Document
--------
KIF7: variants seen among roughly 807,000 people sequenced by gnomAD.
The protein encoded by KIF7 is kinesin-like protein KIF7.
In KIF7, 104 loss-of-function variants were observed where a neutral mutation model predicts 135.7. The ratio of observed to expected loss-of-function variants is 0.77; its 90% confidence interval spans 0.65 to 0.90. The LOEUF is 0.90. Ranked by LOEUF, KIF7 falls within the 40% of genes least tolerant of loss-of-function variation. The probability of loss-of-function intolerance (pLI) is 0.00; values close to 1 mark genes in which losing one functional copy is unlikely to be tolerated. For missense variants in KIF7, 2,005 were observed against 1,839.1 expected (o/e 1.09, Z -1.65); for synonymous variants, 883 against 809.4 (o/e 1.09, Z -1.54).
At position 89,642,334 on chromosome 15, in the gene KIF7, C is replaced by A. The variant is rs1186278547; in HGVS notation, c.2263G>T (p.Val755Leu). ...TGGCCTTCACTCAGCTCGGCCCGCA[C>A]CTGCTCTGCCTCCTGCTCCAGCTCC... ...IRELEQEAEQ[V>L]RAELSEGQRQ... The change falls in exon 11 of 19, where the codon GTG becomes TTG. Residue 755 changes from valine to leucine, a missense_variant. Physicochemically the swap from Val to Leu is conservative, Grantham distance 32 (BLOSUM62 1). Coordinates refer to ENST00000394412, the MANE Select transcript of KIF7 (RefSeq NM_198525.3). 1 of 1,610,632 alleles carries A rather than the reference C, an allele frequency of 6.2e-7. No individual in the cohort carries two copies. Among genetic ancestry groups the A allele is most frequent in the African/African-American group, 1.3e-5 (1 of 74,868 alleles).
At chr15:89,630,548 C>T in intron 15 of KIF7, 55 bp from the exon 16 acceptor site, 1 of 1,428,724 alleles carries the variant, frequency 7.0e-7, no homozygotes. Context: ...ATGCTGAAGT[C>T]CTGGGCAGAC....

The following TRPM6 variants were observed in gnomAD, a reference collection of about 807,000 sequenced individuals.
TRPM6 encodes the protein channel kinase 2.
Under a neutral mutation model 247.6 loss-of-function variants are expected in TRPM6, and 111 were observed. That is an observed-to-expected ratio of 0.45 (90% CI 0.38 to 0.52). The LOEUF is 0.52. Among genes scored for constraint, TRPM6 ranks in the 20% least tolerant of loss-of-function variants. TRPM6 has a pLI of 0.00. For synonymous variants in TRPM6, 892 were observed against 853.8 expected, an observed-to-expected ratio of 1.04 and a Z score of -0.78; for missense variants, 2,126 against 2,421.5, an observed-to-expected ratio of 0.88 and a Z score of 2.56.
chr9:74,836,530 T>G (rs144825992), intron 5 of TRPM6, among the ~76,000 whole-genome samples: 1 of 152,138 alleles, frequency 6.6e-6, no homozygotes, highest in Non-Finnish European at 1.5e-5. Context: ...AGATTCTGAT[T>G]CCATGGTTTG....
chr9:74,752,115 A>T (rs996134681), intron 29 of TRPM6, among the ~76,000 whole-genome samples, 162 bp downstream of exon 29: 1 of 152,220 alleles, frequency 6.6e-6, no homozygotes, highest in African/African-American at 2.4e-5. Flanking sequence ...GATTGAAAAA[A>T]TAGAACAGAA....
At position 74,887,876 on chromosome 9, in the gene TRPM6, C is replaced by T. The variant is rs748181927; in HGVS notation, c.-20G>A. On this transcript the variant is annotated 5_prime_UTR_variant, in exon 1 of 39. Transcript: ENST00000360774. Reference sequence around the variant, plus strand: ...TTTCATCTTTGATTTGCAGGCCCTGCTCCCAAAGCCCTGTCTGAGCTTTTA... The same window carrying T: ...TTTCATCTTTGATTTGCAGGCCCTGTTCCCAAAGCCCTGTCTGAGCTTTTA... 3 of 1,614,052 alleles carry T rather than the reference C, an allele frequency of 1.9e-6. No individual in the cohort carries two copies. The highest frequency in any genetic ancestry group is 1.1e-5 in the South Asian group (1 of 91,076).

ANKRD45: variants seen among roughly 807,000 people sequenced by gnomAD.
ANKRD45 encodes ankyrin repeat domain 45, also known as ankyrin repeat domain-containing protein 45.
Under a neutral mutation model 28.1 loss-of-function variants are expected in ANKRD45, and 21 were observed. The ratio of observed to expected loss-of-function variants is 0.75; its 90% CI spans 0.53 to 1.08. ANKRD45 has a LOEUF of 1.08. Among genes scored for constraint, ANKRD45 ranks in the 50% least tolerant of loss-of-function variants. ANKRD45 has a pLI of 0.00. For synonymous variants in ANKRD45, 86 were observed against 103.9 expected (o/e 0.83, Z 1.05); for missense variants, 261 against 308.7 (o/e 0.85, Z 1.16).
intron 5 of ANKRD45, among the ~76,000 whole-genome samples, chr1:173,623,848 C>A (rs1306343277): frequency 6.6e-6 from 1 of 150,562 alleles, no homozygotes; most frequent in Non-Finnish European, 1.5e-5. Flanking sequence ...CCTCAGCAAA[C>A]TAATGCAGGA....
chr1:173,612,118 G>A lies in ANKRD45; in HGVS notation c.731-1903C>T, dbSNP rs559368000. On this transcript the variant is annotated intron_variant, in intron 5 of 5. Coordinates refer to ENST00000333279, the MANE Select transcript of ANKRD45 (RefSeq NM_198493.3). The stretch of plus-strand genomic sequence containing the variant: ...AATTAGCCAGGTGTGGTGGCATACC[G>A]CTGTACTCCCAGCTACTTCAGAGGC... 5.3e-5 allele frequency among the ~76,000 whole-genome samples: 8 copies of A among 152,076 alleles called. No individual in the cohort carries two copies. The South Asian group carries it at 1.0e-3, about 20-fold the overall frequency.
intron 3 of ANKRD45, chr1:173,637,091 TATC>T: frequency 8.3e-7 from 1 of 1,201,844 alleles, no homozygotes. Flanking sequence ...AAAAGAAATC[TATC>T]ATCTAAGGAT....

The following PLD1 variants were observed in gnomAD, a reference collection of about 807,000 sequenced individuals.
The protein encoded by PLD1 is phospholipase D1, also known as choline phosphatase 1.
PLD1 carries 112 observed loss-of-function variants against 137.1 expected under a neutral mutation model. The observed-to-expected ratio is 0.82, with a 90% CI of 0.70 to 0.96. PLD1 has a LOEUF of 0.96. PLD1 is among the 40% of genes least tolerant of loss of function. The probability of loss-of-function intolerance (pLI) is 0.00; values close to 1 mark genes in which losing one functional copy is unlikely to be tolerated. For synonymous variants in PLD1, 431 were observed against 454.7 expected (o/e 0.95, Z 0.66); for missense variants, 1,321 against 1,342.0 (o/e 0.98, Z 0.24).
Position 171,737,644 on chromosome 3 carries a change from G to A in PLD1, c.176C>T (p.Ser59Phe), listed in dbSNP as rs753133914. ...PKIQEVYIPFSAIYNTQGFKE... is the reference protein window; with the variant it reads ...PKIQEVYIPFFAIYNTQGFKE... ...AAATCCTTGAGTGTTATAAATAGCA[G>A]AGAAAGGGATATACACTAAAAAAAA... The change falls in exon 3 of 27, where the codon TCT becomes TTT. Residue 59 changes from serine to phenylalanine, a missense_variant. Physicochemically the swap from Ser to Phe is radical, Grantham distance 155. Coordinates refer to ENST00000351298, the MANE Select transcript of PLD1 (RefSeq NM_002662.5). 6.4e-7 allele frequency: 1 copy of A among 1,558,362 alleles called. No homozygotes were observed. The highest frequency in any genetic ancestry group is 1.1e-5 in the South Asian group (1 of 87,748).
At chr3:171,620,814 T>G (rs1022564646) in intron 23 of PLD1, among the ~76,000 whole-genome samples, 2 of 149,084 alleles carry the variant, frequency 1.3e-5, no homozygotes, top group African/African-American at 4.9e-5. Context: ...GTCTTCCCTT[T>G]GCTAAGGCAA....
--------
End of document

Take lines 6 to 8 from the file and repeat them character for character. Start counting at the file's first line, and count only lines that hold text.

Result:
The following TRPM6 variants were observed in gnomAD, a reference collection of about 807,000 sequenced individuals.
TRPM6 encodes the protein channel kinase 2.
Under a neutral mutation model 247.6 loss-of-function variants are expected in TRPM6, and 111 were observed. That is an observed-to-expected ratio of 0.45 (90% CI 0.38 to 0.52). The LOEUF is 0.52. Among genes scored for constraint, TRPM6 ranks in the 20% least tolerant of loss-of-function variants. TRPM6 has a pLI of 0.00. For synonymous variants in TRPM6, 892 were observed against 853.8 expected, an observed-to-expected ratio of 1.04 and a Z score of -0.78; for missense variants, 2,126 against 2,421.5, an observed-to-expected ratio of 0.88 and a Z score of 2.56.